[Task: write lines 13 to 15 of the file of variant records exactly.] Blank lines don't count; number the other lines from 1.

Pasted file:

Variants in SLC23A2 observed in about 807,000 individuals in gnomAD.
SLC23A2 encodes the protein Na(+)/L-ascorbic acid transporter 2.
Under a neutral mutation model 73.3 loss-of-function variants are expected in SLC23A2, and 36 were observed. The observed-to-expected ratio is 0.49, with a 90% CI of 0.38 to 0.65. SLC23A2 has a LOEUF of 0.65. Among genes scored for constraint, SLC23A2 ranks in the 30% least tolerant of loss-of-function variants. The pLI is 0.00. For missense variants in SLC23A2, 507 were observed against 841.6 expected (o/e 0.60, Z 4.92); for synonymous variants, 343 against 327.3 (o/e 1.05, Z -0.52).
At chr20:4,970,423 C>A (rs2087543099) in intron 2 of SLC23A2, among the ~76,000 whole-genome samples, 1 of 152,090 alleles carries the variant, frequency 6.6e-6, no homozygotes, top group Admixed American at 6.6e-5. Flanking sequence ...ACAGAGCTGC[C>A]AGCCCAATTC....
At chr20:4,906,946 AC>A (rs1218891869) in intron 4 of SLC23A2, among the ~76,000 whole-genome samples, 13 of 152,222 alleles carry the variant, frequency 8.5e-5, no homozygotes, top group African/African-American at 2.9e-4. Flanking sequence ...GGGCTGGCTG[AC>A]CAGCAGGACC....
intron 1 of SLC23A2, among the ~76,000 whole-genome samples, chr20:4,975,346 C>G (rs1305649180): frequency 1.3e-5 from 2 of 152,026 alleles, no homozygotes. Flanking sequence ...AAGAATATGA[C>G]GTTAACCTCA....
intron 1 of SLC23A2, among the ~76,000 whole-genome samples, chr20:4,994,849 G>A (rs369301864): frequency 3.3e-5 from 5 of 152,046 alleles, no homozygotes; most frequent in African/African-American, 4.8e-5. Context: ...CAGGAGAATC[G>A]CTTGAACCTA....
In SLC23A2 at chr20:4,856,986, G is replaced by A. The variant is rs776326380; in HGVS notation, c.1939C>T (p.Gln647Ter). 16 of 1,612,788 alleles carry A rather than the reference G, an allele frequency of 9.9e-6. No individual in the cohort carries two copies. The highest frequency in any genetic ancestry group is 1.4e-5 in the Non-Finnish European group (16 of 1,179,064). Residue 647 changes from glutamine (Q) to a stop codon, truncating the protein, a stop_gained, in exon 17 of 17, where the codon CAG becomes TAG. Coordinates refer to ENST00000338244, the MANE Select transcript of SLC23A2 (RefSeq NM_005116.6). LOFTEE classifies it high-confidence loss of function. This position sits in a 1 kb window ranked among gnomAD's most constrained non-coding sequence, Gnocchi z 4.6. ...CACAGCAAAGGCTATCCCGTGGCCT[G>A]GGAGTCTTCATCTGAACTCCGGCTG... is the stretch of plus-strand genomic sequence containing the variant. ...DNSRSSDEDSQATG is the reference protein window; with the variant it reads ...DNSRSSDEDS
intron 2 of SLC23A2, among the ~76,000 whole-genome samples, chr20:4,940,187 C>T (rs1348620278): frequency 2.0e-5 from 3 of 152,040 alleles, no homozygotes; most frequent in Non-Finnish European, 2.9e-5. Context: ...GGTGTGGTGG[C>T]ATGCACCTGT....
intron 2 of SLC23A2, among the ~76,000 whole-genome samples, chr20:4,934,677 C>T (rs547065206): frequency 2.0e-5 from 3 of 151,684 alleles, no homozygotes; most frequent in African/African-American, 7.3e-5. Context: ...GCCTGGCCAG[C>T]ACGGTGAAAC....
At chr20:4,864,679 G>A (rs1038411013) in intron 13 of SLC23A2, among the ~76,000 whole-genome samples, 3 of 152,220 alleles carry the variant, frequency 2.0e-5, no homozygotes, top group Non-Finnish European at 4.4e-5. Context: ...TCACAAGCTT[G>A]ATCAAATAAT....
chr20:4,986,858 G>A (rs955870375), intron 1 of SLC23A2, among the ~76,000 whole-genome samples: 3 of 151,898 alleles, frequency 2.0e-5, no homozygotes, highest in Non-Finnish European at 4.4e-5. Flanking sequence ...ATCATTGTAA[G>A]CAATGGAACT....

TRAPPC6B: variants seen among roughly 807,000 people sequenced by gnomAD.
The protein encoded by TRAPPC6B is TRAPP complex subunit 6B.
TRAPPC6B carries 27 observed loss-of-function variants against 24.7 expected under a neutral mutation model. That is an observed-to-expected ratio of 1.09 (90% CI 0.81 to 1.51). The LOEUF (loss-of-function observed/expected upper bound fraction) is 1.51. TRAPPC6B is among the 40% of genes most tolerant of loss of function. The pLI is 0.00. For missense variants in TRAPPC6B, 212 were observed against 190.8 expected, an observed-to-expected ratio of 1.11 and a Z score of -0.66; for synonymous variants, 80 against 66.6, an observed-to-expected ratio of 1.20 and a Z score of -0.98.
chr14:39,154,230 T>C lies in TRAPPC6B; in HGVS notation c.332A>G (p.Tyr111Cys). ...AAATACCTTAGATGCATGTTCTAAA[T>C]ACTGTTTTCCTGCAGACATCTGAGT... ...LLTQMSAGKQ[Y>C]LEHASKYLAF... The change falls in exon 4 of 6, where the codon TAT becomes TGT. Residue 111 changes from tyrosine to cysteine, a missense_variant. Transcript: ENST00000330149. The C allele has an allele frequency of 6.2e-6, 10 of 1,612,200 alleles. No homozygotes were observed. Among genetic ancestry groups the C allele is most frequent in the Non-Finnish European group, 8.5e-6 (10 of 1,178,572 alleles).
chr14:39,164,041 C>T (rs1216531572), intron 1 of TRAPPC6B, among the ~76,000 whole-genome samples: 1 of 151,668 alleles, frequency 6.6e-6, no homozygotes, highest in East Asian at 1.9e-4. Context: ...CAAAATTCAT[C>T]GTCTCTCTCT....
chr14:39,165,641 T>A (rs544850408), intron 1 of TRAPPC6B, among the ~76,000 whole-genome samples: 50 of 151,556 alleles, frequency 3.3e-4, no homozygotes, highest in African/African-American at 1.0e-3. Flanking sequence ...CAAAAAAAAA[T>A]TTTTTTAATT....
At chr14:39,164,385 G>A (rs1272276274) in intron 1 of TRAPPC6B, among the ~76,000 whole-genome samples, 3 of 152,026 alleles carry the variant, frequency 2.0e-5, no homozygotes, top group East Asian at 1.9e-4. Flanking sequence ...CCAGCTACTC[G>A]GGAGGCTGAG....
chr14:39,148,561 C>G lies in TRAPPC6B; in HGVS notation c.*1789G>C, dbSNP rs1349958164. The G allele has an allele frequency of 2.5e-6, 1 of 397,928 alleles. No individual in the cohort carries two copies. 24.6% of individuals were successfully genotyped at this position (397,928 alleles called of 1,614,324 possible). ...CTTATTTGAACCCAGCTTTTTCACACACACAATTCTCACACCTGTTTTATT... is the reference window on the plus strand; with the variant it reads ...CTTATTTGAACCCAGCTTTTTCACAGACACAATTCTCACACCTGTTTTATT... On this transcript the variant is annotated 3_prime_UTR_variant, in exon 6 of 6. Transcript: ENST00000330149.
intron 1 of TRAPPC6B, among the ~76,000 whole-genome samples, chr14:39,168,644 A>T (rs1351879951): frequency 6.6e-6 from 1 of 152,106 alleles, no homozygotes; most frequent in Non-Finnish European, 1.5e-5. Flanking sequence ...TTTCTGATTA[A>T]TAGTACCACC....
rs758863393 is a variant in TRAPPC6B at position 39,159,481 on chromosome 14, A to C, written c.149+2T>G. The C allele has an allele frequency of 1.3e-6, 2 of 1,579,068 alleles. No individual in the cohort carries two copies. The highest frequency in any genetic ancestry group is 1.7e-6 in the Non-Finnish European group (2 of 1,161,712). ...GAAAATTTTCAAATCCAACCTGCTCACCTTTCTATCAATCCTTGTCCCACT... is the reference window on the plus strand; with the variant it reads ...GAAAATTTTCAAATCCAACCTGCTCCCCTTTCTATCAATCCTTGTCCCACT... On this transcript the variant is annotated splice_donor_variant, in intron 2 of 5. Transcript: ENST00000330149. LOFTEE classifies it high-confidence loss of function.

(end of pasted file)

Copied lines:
TRAPPC6B: variants seen among roughly 807,000 people sequenced by gnomAD.
The protein encoded by TRAPPC6B is TRAPP complex subunit 6B.
TRAPPC6B carries 27 observed loss-of-function variants against 24.7 expected under a neutral mutation model. That is an observed-to-expected ratio of 1.09 (90% CI 0.81 to 1.51). The LOEUF (loss-of-function observed/expected upper bound fraction) is 1.51. TRAPPC6B is among the 40% of genes most tolerant of loss of function. The pLI is 0.00. For missense variants in TRAPPC6B, 212 were observed against 190.8 expected, an observed-to-expected ratio of 1.11 and a Z score of -0.66; for synonymous variants, 80 against 66.6, an observed-to-expected ratio of 1.20 and a Z score of -0.98.